Mental preparation is necessary if you feel anxious about the procedure – which many patients do. The scan itself is non-invasive, quick to complete and has no known side effects, so discomfort is unlikely. It is worth remembering that the scan is among the most effective ways to detect prostate cancer and may uncover that no cancer is present. If cancer cells are detected, early diagnosis is the key to finding a suitable course of treatment as quickly as possible. 

MRI-Guided Prostate Biopsy

If a prostate MRI scan detects lesions, the next step is a biopsy. Nowadays, multi-parametric MRI is often used to guide a prostate biopsy as an alternative to TRUS biopsy since it allows the collection of more targeted specimens and increases diagnostic accuracy.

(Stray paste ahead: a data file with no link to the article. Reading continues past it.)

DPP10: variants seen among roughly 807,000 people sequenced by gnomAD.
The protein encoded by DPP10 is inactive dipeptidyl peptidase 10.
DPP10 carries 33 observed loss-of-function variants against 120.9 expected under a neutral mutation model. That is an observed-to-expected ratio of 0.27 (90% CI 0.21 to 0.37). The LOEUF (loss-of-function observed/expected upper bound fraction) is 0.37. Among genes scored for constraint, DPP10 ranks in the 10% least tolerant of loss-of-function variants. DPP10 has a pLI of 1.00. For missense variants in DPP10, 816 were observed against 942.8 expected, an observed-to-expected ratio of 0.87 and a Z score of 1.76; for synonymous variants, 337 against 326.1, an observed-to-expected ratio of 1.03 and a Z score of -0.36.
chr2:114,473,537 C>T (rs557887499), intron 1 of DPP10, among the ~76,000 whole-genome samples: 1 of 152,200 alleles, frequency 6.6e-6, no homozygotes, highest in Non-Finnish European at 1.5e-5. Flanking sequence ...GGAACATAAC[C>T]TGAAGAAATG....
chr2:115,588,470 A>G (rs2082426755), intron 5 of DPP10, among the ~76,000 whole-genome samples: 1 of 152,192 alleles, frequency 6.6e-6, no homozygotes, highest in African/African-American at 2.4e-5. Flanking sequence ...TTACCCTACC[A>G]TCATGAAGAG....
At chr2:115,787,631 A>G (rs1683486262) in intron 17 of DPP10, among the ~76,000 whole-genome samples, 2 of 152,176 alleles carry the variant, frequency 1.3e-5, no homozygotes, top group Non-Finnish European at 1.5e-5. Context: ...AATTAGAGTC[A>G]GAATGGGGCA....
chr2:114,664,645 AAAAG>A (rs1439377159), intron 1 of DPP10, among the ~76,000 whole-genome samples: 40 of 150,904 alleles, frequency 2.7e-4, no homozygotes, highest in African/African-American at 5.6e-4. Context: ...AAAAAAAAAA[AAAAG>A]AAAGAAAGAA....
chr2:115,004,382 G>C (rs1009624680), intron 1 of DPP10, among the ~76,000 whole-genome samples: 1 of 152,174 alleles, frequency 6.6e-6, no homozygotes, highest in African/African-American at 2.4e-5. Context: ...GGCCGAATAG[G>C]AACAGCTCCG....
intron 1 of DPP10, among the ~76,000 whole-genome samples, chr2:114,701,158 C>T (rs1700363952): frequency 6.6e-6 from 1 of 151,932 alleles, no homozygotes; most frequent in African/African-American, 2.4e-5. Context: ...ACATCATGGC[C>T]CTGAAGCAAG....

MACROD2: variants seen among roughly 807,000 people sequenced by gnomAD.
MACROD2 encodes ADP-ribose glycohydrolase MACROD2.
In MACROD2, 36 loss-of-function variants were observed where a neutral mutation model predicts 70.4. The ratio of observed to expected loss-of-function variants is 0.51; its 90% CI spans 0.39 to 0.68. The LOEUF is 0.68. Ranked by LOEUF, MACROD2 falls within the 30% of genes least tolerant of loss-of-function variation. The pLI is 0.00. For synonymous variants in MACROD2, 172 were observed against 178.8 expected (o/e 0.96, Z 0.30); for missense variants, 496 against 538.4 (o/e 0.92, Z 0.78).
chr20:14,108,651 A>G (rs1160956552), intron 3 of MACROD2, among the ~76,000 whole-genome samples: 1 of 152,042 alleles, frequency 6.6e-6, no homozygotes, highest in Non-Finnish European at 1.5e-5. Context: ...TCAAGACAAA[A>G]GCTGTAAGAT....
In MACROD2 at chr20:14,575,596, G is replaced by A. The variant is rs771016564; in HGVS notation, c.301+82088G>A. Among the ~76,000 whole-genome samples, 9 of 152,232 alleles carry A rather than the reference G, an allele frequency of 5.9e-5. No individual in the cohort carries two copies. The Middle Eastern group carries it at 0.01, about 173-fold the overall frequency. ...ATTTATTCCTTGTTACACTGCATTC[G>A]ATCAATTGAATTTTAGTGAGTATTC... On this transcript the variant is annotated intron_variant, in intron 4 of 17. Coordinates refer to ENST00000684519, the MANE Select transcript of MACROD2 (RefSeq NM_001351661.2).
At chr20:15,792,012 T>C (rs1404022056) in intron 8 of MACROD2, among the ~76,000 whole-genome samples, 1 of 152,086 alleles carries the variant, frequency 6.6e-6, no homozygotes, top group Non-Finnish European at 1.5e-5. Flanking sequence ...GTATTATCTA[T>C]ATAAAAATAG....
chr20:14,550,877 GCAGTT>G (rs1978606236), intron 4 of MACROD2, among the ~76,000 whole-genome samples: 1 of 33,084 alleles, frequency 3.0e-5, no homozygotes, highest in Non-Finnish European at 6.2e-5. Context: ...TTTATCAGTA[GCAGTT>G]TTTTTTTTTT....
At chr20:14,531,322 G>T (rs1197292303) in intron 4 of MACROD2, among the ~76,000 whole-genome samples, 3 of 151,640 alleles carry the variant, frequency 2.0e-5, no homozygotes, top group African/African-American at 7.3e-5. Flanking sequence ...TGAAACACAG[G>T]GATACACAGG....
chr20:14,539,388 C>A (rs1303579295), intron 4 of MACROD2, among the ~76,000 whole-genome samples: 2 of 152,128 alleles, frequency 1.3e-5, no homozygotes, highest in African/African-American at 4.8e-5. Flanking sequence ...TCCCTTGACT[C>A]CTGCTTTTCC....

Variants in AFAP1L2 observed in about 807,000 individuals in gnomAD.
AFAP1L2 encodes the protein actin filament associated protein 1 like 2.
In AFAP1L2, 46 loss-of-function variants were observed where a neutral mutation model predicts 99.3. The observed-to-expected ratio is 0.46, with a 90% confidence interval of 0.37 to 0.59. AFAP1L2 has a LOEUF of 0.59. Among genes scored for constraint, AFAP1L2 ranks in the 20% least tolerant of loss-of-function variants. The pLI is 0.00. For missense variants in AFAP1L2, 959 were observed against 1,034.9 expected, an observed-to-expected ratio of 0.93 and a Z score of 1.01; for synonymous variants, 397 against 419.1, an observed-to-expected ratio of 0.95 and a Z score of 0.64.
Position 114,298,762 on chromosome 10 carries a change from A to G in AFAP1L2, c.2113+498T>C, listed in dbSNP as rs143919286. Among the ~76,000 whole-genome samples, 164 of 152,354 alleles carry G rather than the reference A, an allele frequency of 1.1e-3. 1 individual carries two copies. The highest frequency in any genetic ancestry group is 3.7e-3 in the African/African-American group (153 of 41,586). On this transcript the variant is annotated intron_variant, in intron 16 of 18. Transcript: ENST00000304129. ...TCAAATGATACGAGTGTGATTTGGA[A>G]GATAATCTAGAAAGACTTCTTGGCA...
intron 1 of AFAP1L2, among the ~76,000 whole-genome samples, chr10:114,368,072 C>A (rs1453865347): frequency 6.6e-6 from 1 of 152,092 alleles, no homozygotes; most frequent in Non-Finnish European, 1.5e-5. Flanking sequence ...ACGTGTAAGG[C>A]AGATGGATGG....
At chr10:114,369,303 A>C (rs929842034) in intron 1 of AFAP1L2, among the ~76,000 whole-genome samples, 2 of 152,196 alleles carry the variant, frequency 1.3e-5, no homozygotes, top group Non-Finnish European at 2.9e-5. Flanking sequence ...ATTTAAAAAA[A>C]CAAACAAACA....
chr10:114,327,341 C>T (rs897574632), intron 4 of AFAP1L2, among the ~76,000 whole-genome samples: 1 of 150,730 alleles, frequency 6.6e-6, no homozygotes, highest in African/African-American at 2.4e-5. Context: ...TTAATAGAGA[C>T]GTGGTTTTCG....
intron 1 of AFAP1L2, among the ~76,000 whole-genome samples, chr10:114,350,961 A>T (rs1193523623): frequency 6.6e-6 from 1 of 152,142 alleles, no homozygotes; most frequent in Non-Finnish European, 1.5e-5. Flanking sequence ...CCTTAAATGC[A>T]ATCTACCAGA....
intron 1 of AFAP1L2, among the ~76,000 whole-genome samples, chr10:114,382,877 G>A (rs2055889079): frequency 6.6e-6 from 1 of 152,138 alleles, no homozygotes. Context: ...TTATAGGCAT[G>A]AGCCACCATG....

How an MRI-guided Prostate Biopsy Works  

A 30 – 40 minute MRI examination evaluates the entire prostate gland and surrounding organs providing anatomical and structural information as well as detecting 4 separate tumour characteristics.

Most patients come for a biopsy, having had a prostate MRI scan already. This gives the MRI specialist a clear picture of where the potential cancer is located, allowing for a highly targeted and precise scan ahead of the biopsy. A biopsy needle is inserted into the area, retrieving multiple tissue specimens for analysis.   

The MRI-guided Prostate Biopsy Procedure 

MRI results